More shoppers preferring to avoid crowded supermarkets and instead placing delivery orders online is expected to continue after the immediate crisis is over, and Ocado’s warehouse technology division stands to benefit.
The Ocado share price is already up a whopping 60% for the year-to-date and while there is an argument it is a rare stock currently overheating, the company’s long term prospects do look solid.
Time To Shop For Bargain Basement Value Stocks?
With so many stocks having taken a battering over the past couple of months, value investors will also be optimistic of sniffing out bargains with strong recovery potential. Travel companies have been particularly badly hit but with the aviation sector expected to take longer to recover than trains and buses, companies like bus routes operator National Express could have good rebound potential.
The company was attracting the attention of value investors before the pandemic hit and is down 55% since February.
Despite its recent troubles and an uncertain outlook for airlines over the next couple of years, easyJet, along with Ryanair might also be worth keeping an eye on, even if it may be better to hold off in the short term. While it comes with a risk of missing out on some gains, more clarity on social distancing requirements and quarantine rules between European countries would be good to have before investors consider taking the plunge.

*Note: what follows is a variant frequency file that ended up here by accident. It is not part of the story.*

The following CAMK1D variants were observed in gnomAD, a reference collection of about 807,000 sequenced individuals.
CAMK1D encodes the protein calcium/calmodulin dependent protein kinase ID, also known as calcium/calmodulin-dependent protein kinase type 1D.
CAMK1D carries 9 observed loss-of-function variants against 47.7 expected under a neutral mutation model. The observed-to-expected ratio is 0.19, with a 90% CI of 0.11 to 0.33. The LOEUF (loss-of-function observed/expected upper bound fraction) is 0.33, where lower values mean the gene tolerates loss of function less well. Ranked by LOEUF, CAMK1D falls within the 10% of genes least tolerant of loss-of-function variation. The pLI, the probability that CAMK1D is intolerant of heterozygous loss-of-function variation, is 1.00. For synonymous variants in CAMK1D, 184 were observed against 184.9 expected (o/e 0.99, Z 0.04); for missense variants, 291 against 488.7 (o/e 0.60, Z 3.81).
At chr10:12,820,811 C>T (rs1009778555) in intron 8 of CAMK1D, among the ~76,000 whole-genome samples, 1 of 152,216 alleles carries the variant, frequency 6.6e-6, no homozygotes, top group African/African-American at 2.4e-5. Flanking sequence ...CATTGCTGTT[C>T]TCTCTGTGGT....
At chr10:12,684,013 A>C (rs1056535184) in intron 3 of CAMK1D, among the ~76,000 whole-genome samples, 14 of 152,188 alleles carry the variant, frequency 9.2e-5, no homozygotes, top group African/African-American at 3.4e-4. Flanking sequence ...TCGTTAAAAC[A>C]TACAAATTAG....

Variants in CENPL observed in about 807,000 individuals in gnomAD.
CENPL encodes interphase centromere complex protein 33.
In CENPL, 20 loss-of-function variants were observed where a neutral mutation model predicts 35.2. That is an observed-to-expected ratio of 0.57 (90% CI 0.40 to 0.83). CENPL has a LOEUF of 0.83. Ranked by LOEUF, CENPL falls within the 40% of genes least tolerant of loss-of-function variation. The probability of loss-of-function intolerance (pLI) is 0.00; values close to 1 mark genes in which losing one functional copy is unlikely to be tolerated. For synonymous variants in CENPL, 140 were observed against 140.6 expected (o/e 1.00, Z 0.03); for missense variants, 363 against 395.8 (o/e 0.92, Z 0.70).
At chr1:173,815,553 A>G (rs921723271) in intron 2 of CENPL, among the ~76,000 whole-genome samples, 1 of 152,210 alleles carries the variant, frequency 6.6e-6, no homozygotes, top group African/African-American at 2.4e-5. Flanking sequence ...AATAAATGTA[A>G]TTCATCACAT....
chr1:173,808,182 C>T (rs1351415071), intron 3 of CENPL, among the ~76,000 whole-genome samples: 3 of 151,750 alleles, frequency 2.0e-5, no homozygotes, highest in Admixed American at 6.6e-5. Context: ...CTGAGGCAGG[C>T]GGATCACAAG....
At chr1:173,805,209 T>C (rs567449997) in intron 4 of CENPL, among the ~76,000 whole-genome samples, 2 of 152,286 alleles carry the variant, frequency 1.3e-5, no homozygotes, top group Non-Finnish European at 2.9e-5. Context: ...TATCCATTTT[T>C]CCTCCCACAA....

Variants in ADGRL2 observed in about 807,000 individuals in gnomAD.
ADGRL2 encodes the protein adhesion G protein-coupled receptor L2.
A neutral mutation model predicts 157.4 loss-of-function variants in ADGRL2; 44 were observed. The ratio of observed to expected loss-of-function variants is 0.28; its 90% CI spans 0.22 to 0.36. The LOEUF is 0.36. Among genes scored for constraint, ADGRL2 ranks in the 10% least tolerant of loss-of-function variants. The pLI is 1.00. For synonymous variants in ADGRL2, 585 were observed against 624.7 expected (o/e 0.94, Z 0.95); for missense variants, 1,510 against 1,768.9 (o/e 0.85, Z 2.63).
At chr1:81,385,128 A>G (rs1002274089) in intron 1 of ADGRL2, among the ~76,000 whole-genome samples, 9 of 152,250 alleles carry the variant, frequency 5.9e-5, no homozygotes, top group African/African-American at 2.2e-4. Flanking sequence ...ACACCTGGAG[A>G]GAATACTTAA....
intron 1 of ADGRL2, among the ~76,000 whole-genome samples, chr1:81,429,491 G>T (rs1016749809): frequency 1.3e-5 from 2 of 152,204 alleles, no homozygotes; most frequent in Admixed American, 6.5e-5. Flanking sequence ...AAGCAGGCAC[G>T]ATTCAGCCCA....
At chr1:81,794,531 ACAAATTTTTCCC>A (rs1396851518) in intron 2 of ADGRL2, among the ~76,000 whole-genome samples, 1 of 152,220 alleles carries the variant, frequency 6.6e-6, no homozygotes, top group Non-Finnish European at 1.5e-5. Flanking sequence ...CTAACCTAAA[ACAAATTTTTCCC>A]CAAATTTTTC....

Analysts are also tipping UK-listed miners Anglo American and Fresnillo, financial services companies Hargreaves Lansdown, Ashmore and Standard Life Aberdeen, all in the consumer investments space, and mobile operator 3i, as stocks that currently look under-valued.
Emerging Technologies That Could Benefit From The Move Online?
Companies in the cloud technology and ecommerce spaces are also expected to see long term benefit from the Covid-19 pandemic as the digital transformation of the economy is accelerated.
Large cap technology giants Amazon, Microsoft and Google-owner Alphabet are all seeing the portion of their revenues generated by their public cloud computing platforms growing quickly. And more intrepid investors ready and able to conduct their own due diligence may find smaller gems in this space.
AIM-listed micro caps iomart, a managed infrastructure, data protection, security and connectivity solutions provider, Cloud-based communications provider Gamma Communications and Bango, a mobile payment platform which allows apps to be charged directly to a user’s mobile provider account are all examples.
Stock screens are only ever a starting point for success but specialists in cloud technology and digital commerce services are prominent, so there are some interesting ideas (especially in Aim-listed companies) emerging for investors prepared to do the full due diligence.